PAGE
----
The eventual shutdown of mines drove up the global price of minerals including nickel, a key component of battery electric vehicles. The powerful Commission on Appointments, however, ditched Lopez many times, forcing a frustrated Duterte to replace her with a less combative minister, Roy Cimatu, a former military general, who has since allowed most mines to re-open.

Mines shut down in the Philippines
Image Credit: Reuters
Drug war
Drug use and addiction has been a social menace and health concern of the Philippines since the 1970s. At the start of his watch, Duterte rallied Filipinos against substance abuse and the syndicates and personalities that profit from them.

Various accounts placed the number of deaths from drug busts and supposed "shootouts" at 5,000 to 7,000, though the numbers are hard to confirm.

Long before he became President, Duterte’s name had become synonymous with the vigilante group, the Davao Death Squad (DDS).

Duterte used his take-no-prisoners reputation to go down hard on criminality and illegal drugs trade, achieving what previous leaderships found impossible to attain.

A police officer talks to male residents following an identity check during an anti-drugs operation in Metro Manila on Thursday. The men were later released.
Image Credit: Reuters
In a country with 105 million inhabitants, the numbers involved in the drug-war are mind-boggling:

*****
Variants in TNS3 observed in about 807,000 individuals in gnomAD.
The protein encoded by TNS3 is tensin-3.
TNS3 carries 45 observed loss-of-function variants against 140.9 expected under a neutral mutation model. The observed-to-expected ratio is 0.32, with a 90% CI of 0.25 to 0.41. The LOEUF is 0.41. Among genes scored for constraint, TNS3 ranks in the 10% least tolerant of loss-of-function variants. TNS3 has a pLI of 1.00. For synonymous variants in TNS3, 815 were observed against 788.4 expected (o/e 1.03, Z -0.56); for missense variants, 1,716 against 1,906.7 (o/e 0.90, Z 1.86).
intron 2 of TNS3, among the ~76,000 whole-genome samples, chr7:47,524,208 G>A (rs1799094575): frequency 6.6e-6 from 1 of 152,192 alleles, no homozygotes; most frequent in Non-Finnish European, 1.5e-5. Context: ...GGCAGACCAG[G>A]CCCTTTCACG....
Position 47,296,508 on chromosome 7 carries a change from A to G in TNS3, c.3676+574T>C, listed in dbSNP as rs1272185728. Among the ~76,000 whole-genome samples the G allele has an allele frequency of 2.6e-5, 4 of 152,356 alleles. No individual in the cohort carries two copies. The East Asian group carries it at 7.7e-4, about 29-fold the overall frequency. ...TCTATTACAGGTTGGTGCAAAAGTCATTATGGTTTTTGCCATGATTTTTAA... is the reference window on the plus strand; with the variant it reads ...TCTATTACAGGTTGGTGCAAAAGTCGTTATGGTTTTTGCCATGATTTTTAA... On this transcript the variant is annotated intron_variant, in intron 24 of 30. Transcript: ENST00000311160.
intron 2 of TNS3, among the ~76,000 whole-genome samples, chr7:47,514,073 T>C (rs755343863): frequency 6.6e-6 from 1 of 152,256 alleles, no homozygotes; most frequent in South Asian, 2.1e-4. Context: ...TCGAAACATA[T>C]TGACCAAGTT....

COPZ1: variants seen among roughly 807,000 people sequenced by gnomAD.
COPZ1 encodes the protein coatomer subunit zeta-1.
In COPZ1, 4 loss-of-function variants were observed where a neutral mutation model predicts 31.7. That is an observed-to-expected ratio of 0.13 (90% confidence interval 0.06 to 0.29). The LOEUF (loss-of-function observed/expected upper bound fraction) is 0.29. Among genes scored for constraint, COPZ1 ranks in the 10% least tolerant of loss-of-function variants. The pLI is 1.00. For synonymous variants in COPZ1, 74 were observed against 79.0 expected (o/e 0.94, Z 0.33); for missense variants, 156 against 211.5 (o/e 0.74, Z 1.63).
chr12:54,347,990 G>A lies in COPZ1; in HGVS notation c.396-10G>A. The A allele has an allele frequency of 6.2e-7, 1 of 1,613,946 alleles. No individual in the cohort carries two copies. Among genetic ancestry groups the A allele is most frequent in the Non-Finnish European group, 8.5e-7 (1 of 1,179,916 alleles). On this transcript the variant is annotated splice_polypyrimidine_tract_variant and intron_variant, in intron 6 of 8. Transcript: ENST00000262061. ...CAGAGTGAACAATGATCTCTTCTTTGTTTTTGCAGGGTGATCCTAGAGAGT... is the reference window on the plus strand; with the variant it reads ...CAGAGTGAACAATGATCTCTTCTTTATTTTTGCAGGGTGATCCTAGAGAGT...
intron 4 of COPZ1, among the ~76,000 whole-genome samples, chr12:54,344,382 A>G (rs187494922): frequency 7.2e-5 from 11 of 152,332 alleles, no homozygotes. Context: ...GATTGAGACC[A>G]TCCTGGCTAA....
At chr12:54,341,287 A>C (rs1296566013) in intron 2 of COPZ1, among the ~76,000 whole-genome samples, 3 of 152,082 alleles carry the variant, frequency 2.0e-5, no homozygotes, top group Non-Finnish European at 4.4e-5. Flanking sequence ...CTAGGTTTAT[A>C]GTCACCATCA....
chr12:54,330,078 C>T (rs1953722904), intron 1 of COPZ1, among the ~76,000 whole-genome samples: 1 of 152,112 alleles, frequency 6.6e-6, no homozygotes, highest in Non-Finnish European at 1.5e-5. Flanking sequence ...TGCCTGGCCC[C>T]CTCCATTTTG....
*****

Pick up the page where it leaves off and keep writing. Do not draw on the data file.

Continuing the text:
Drug war by the numbers
18,388 out of the 29,749 drug-affected villages have been declared “drug free”
49,265 of the more than 1.2 million individual drug users, addicts and "pushers" were arrested across the country
Some 4,540 drug lords and pushers who resisted arrest were 'neutralised'
208,000 drug users or small time pushers were rehabilitated
189 drug dens and clandestine laboratories in the country where dismantled
P13.46 billion-worth of methamphetamine hydrochloride, or shabu, was confiscated
P19.67 billion-worth of drugs, controlled precursors and essential chemicals, and laboratory equipment were seized

Relatives look at portraits of alleged victims of Duterte's so-called drugs war during a service ahead of the observance of All Souls Day, which is paying homage to the beloved departed Tuesday, October 30, 2018 in Manila, Philippines. Thousands of alleged drug-users and "pushers," mostly from impoverished communities, were killed in the more than two years since Duterte took office.